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300 Correlation of surgeon radiology assessment with laparoscopic disease site scoring in patients with advanced ovarian cancer
  1. N Fleming1,
  2. S Westin1,
  3. L Meyer1,
  4. A Rauh-Hain1,
  5. A Shafer1,
  6. M Onstad1,
  7. L Cobb1,
  8. B Fellman2,
  9. M Bevers1,
  10. B Zand1,
  11. A Jazaeri1,
  12. C Levenback1,
  13. R Coleman1,
  14. P Soliman1 and
  15. A Sood1
  1. 1The University of Texas MD Anderson Cancer Center, Gynecologic Oncology, Houston, USA
  2. 2The University of Texas MD Anderson Cancer Center, Biostatistics, Houston, USA


Objectives To determine the correlation between surgeon radiology assessment with laparoscopic scoring in patients with newly diagnosed advanced ovarian cancer.

Methods Following IRB approval, 14 gynecologic oncology surgeons from a single institution performed a blinded review of radiology imaging from 20 patients with advanced ovarian cancer. All patients previously underwent laparoscopic scoring using a validated scoring method from April 2013 to December 2017. Surgeons viewed contrasted CT imaging reports and images in a blinded fashion and recorded PIV scores using the validated scoring method. Linear mixed models (LMM) were conducted to calculate the correlation between radiology and laparoscopic score for each surgeon and the group, and the inter-class correlation (ICC) was calculated.

Results The kappa inter-rater agreement was −0.017 (95% CI 0.023 to −0.005), indicating low inter-rater agreement between radiology and actual laparoscopic score. The ICC was 0.06 (0.02–0.21), indicating that surgeons do not score the same across all images. When using a PIV cutoff of 8, the probability of agreement between radiology and actual laparoscopic score was 0.56 (95% CI 0.49–0.73). When looking at disease site subscales, the probability of agreement was (95% CI): peritoneum 0.57 (0.51–0.62), diaphragm 0.54 (0.48–0.60), mesentery 0.51 (0.45–0.57), omentum 0.61 (0.55–0.67), bowel 0.54 (0.44–0.64), stomach 0.71 (CI 0.65–0.76), and liver 0.36 (CI 0.31–0.42).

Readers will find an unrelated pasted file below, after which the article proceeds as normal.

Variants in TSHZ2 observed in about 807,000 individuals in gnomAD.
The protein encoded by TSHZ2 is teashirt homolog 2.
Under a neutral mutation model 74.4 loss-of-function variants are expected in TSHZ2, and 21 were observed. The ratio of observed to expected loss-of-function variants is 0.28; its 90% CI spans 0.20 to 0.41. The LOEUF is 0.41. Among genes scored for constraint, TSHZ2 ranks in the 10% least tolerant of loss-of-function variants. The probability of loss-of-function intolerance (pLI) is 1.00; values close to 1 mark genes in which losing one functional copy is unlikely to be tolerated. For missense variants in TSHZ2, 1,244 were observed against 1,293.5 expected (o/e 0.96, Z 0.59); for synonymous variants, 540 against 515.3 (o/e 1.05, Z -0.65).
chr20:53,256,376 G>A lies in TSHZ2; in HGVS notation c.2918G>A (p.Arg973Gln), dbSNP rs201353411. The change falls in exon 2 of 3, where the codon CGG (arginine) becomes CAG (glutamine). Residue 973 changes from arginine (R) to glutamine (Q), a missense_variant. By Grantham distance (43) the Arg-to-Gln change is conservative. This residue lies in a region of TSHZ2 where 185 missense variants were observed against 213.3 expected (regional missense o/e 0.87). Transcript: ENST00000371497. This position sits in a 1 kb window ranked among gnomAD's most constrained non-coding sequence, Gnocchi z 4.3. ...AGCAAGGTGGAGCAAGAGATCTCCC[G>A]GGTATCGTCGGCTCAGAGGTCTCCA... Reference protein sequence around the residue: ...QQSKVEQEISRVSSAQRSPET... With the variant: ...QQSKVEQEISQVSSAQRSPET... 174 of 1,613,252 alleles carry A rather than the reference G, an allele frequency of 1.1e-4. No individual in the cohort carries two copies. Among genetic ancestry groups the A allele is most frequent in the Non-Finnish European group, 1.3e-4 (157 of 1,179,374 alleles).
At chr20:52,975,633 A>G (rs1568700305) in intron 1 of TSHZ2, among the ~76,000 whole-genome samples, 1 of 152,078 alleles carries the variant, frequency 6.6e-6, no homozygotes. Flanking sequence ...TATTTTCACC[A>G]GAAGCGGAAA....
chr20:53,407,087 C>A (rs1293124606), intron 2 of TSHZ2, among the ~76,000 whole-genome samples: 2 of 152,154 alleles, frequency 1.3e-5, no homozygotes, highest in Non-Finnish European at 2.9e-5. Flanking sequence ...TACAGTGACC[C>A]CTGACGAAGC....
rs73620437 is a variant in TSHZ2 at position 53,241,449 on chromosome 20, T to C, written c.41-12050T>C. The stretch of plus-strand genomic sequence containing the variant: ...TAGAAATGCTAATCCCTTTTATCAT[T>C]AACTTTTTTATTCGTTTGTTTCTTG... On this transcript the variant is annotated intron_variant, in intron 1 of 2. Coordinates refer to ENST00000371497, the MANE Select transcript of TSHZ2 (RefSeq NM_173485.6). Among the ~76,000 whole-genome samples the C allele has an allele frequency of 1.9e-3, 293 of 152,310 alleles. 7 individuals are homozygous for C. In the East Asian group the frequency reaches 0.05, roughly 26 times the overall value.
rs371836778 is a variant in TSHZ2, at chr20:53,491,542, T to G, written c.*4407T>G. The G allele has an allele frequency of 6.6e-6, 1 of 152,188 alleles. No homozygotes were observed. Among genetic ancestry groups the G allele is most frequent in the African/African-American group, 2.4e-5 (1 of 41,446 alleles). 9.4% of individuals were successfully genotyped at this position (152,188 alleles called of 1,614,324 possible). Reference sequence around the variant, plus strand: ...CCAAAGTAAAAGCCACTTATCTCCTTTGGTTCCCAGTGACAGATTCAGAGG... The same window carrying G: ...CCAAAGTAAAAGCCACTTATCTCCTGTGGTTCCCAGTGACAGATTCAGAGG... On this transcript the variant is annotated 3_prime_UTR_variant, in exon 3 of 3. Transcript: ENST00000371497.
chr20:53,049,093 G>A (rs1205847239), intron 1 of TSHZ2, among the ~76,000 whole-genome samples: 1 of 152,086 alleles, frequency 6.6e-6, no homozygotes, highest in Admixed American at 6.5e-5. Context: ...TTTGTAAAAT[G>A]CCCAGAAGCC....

Conclusions Surgeon radiology review did not highly correlate with actual laparoscopy findings. By subscale, the best agreement is seen when evaluating for stomach involvement, and the worst with liver involvement. Our study highlights the benefits of laparoscopic assessment to determine resectability over radiology alone.

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